The official blog of BlendAbout, a Social Dining Network that helps people make new friends over group meals at great restaurants.
Read up on amazing new restaurants, check out our favorite Food Porn and recipes, and discover our latest Group Meals at the fabulous restaurants we all love.


Caitlin Heikilla
Tara Roy
Kate Spivak (editor)

Recent Tweets @BlendAbout

Steak Sandwich with Creamy Horseradish Sauce

For Meatless Monday: Tomato Toast with garlic, fresh basil, purple onion. cream cheese (bottom) and sprinkled with some parm on top.

Meet the World’s Most Expensive Cupcake!

Via the NY Daily News: “This work of edible of art was whipped up for a Toronto man who wanted to spoil his wife for her 40th birthday.” Read more »

Rolled up, on rice….or not, any which way you eat it, Sushi is YUM! But we betcha didn’t know…

Sushi Fun Facts:

Popular belief is that the word “sushi” refers to raw fish, but it actually refers to rice that has been seasoned with vinegar, sugar, and salt.

In Japan, sushi is generally eaten with fingers, not chopsticks.

Proper sushi rice should be slightly chewy and sticky to the touch.

In order for fish to be considered sushi-grade and suitable for eating raw, it must be frozen for 7 days at negative 4 degrees Fahrenheit, or flash frozen for 15 hours at negative 31 degrees.

The highest price ever paid for a sushi-grade Bluefin Tuna was $396,000 for a 754 pound fish (which is equal to $526/lb) on January 4th, 2011 at the Tsukiji Fish Market in Tokyo.

June 18th is recognized as international sushi day!

Traditionally, Japanese sushi chefs train for 5-10 years before being allowed behind a sushi bar while American sushi chefs only get a few months of training.

The Japanese believe that you don’t just eat with your mouth, but also with your eyes which is why they create every dish to be a true work of art.

BUTTERSCOTCH BREAD PUDDING with house made caramel ice cream at California Cafe, in Los Gatos

Minced Chicken with shitake and pine nuts served on Romaine

Coconut-crusted Prawns with Mango-Jalapeno dipping sauce

Turnip cakes @ Joy Luck, in Coupertino 

Vodka Fun Facts for Thirsty Thursday!

  • The word “vodka” comes from the Russian word “Zhiznennia voda,” which means “water of life.” The literal translation is “little water.”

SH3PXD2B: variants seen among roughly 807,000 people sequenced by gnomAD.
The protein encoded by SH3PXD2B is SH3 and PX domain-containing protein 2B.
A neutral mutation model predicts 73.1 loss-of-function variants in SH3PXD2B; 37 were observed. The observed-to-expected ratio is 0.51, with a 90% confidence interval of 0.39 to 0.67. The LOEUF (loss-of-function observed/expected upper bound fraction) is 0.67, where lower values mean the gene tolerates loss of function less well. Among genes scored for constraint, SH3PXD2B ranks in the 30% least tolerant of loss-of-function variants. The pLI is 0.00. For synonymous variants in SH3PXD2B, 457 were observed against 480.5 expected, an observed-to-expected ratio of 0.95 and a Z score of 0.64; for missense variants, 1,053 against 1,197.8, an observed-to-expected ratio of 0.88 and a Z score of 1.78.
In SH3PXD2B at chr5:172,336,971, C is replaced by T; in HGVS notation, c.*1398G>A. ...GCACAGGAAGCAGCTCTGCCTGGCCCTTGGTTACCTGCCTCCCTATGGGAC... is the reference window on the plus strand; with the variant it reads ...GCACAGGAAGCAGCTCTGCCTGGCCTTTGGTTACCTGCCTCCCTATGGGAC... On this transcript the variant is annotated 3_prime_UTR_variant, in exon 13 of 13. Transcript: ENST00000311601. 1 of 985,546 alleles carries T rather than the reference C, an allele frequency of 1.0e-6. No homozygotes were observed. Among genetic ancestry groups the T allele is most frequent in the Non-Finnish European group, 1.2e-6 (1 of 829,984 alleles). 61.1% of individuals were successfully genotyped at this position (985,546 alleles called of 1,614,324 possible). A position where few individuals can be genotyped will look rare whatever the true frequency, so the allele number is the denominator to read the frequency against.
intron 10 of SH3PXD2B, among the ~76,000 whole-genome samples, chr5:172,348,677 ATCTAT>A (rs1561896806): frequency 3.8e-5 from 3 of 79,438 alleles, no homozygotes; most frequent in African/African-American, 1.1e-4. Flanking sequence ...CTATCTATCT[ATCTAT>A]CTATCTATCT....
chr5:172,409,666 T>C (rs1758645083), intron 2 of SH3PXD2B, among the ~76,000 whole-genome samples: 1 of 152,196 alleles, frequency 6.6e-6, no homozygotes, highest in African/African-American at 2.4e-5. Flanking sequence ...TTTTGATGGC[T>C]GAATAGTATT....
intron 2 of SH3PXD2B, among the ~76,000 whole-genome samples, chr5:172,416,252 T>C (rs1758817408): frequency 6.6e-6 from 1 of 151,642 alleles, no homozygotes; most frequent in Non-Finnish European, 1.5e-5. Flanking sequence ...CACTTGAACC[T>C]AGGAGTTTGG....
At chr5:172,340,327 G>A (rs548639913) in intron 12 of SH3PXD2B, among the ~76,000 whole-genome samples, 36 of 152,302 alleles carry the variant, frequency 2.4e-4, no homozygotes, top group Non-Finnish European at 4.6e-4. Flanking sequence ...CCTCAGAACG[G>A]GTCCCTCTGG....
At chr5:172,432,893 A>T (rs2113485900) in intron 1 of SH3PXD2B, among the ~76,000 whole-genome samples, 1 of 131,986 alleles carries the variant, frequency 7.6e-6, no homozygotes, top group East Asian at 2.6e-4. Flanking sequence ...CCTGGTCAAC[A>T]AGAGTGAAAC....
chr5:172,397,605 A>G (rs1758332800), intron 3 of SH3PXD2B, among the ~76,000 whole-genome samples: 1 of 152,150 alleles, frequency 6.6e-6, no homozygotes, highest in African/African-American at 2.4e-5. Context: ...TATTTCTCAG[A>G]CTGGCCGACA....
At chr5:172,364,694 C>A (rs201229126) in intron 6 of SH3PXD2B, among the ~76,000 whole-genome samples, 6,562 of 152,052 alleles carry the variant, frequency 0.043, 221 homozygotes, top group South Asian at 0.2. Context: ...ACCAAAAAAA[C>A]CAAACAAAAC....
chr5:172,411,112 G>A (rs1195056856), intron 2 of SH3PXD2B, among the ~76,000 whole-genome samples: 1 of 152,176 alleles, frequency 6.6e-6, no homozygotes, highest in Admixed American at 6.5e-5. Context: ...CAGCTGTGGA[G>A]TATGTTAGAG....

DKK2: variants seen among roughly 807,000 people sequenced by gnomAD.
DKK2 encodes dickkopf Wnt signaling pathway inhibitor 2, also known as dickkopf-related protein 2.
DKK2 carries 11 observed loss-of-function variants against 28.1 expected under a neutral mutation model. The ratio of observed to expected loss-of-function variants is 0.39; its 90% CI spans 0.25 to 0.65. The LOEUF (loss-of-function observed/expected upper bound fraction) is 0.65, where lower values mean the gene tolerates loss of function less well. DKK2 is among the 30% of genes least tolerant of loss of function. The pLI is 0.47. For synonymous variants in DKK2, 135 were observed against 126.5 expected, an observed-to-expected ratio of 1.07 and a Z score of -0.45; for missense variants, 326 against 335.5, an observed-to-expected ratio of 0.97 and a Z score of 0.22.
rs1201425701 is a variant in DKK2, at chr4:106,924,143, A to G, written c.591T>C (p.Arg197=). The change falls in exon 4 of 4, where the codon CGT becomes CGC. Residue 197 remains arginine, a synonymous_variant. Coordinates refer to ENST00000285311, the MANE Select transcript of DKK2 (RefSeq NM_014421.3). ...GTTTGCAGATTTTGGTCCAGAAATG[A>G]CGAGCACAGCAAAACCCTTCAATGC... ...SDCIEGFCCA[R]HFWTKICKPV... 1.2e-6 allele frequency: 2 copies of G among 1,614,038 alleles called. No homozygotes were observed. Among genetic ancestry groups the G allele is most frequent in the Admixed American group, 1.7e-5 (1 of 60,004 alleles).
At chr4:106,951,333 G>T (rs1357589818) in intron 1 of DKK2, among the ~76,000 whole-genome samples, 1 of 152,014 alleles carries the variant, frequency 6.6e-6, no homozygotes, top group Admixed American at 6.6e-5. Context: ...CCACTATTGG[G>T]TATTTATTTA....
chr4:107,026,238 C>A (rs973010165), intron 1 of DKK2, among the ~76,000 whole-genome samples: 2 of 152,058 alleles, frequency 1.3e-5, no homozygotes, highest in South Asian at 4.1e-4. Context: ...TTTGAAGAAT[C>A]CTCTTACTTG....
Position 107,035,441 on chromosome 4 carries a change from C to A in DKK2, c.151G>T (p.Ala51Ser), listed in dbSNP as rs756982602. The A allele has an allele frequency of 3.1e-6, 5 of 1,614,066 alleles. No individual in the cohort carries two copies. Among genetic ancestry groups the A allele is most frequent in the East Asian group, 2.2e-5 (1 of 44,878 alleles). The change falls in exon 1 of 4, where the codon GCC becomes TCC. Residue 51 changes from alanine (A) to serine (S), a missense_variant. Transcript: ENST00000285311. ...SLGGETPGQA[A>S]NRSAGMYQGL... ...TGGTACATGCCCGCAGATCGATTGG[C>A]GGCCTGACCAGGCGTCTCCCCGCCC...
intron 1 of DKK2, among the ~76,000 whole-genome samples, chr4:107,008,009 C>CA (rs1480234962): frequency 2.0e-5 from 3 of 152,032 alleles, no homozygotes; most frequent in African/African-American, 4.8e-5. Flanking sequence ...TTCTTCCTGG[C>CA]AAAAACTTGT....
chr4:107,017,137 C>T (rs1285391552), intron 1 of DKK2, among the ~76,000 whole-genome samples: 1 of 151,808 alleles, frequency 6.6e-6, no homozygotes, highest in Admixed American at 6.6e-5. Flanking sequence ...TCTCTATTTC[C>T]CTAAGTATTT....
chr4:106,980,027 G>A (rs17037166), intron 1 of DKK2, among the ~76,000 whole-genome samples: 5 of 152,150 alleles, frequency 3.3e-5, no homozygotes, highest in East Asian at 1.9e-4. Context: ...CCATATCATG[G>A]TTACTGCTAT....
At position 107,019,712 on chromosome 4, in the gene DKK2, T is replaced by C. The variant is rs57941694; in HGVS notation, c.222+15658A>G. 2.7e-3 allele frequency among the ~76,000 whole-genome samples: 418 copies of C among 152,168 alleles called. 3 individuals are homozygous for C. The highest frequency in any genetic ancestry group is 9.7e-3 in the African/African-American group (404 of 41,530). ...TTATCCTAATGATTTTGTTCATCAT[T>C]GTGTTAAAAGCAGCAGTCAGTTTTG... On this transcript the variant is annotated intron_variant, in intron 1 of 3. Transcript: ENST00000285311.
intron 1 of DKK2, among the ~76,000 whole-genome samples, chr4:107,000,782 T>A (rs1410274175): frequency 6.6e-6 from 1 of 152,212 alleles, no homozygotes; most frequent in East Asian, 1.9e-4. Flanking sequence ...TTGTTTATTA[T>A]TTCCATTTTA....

• Vodka is the #1 top selling spirit on Earth.
  • As opposed to popular belief, vodka does go bad if stored for longer periods of time. Ideally, vodka has to be consumed within 12 months of the manufacturing date!
  • Aside from getting you drunk, vodka can be used for a number of other interesting tasks. You can use it to soak your razor blade after a shave to disinfect it and prevent rusting. Because the alcohol content is so high, vodka can be used to kill mold and mildew that builds up in showers, sinks and toilets – and it smells much better than bleach.
  • National Vodka Day is October 4th.
  • Both Russia and Poland claim to be the originators of vodka. Who do you think is right?


One of our very dear staff members just recently had a birthday so we thought it would be a great time to talk foodie fun facts about cake. Round, square, flat, white, chocolate, red, we don’t discriminate….we eat them all!

Cake Fun Facts:


According to food historians, the first recorded culture to bake was the ancient Egyptians. However, the so called ‘cake’ they made was more bread like and sweetened with honey instead of sugar.


According to the Oxford English Dictionary, the original definition of the word ‘cake’ was: ‘A comparatively small flattened sort of bread, round, oval, or otherwise regularly shaped, and usually baked hard on both sides by being turned during the process.’ Sound like more of a thick cracker than the sweet spongy dessert we have today!


“Let them eat cake!” was a phrase historically thought to have been said by Marie Antoinette when she found out that her citizens had no more bread, was actually most likely coined from a similar phrase said by Marie Thérèse of Spain who sat on the French throne decades before Marie Antoinette. Interestingly enough, Marie Antoinette’s daughter was also named Marie Thérèse (of France).